“The Genesis story Part 13 – Abacab” - by Peter Morton. Photos by Mike Ainscoe. Memorabilia: TWR archive.
1981 was certainly a notable year of change for Genesis. Phil Collins had already achieved tremendous success with his first album Face Value and a number two single with In The Air Tonight. With the band’s continued good record sales and sell-out concerts, they decided to put some of this capital into building their own recording studio in Surrey called The farm. This enabled the band to work in a much more relaxed atmosphere and also gave them more understanding of the production side of recording.
During the summer of 1981, the band spent fourteen weeks putting together music that would end up on their new album. The title was certainly unusual and has been the source of much debate as to its origin. Mike Rutherford explained the true story behind it during a radio interview which the band gave at the time of the album’s release…
“The song is made up of three bits - bit A, but B and bit C. When we were putting it together we tried different orders from Abacab to cabba and so on. Abacab wasn’t the order used in the end but it was a nice sounding word so it stuck for the working title. When we came to give it a final title we’d all grown fond and used to the word and so it stayed…”
Enough music was actually written during the sessions that the band were able to release an EP the following year. Hugh Padgham, who had already worked with Phil on Face Value, was an obvious choice for engineer on the album.
1981 saw a much more experimental Genesis. Phil Collins brought in the Earth Wind And Fire horn section to play on No Reply At All - something previously unheard of with Genesis. With the track Who-Dunnit the band presented a song which was just about as far removed from the Genesis “sound” than could have been imagined. “When people heard that song” noted Phil “they tore their hair out because it was almost like Genesis playing Punk - they didn’t like that at all!” However, the old Genesis sound was not completely abandoned and tracks like Dodo/Lurker and Like It Or Not still had that famous Genesis wall of sound.
Abacab, the title track from the album was released as a single in August reaching number 9 in the UK charts and spawned an appearance for the band on Top Of The Pops. Upon the album’s release in September the critics gave the album rather mixed reviews.
A tour to promote the album was planned, starting in Spain in September and running through Europe on to America and culminating in seven sell-out shows in the UK just before Christmas. The live set did vary slightly throughout the tour but basically consisted of the following tracks:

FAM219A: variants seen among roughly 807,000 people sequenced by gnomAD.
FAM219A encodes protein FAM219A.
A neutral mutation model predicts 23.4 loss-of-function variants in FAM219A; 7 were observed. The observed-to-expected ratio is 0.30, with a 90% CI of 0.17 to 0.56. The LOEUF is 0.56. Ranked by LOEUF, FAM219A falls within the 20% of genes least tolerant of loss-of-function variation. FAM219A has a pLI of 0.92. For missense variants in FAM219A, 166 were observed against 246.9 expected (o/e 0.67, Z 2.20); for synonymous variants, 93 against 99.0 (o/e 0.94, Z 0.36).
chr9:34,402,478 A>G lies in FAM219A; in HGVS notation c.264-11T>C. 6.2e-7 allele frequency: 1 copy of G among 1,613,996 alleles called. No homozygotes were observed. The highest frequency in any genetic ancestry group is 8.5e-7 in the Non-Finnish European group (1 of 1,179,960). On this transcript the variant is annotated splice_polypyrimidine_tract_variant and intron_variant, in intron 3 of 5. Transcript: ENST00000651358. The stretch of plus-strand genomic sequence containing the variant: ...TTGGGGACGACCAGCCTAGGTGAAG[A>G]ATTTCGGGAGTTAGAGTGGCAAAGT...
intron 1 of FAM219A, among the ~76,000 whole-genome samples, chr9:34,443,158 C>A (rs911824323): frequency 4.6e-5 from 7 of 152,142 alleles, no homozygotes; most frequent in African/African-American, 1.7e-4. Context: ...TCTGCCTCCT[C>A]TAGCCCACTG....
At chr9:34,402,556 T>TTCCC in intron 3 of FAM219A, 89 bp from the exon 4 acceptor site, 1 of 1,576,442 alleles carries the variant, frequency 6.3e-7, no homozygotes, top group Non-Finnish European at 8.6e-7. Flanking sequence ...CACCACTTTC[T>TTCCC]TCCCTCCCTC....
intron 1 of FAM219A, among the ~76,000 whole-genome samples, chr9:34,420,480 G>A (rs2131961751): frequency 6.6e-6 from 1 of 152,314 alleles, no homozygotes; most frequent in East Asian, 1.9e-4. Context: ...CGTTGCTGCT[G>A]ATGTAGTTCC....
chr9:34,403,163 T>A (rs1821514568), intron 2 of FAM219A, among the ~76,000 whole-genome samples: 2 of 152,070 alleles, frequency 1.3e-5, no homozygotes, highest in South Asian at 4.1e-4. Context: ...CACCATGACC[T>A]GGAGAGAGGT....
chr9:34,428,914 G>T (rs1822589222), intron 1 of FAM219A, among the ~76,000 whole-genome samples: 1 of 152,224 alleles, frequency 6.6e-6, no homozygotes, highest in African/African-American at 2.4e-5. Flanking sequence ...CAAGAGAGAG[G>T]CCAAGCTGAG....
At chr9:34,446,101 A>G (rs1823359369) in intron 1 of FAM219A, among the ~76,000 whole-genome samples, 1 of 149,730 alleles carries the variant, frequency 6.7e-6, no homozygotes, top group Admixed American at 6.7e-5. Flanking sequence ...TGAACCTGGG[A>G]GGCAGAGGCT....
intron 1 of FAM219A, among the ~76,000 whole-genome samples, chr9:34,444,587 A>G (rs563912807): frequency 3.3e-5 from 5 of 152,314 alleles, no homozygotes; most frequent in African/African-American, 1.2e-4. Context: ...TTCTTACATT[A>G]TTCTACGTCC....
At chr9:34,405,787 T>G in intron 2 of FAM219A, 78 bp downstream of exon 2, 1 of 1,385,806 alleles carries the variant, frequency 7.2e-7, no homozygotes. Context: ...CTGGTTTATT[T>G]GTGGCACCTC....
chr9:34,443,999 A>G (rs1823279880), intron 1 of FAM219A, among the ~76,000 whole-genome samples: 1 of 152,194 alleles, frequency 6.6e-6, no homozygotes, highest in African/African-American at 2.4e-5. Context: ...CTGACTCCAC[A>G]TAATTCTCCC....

Behind The Lines/Duchess/The Lamb Lies Down On Broadway/Dodo-Lurker/Abacab/ Carpet Crawlers/Me And Sarah Jane/Misunderstanding/No Reply At All/Firth Of Fifth/ Man On The Corner/Who-Dunnit/In the Cage-Cinema Show-Raven-Afterglow/Turn It On Again/Dance On A Volcano/Los Endos/I Know What I Like.
Fans who attended the show at the NEC in Birmingham on 23rd December were treated to an additional encore of The Knife. At the same gig, Genesis party hats were distributed to each member of the audience. Paperlate and Me & Virgil were played at the first couple of shows of the tour in Spain. Like It Or Not was performed at Montreal and Largo and The Knife was played at a couple of shows in America.
The new material was certainly greeted with mixed feelings although the huge majority of the tour proved to be very successful. There was the odd show such as the first of the two nights in Leiden in Holland where the band were actually booed when the new material was played. “At least it was a positive reaction” said Phil when questioned about this particular incident.
The shows in America at the Savoy Theatre in New York and at the Nassau Coliseum in Long Island as well as those in Birmingham on 22nd and 23rd December were filmed for a future live album/video release. A proposed tour of Australia, South America and Japan was planned for the beginning of 1982 but had to be postponed due to circumstances beyond the band’s control.
With Abacab, the band’s music had certainly changed and although they lost a number of their older fans, they gained many more newer ones. Phil Collins summed up 1981 when talking to Sounds journalist Hugh Fielder as he expressed his views on certain individuals in the rock press…
“It is frustrating when you’re not something they think you are. You make a conscious effort to change and come up with something different and the reviewer doesn’t even bother to listen to it…”
In Part 14, the band release the Three Sides Live video and album and go on tour to promote it, culminating with an unforgettable reunion show with Peter Gabriel and Steve Hackett at a VERY soggy Milton Keynes.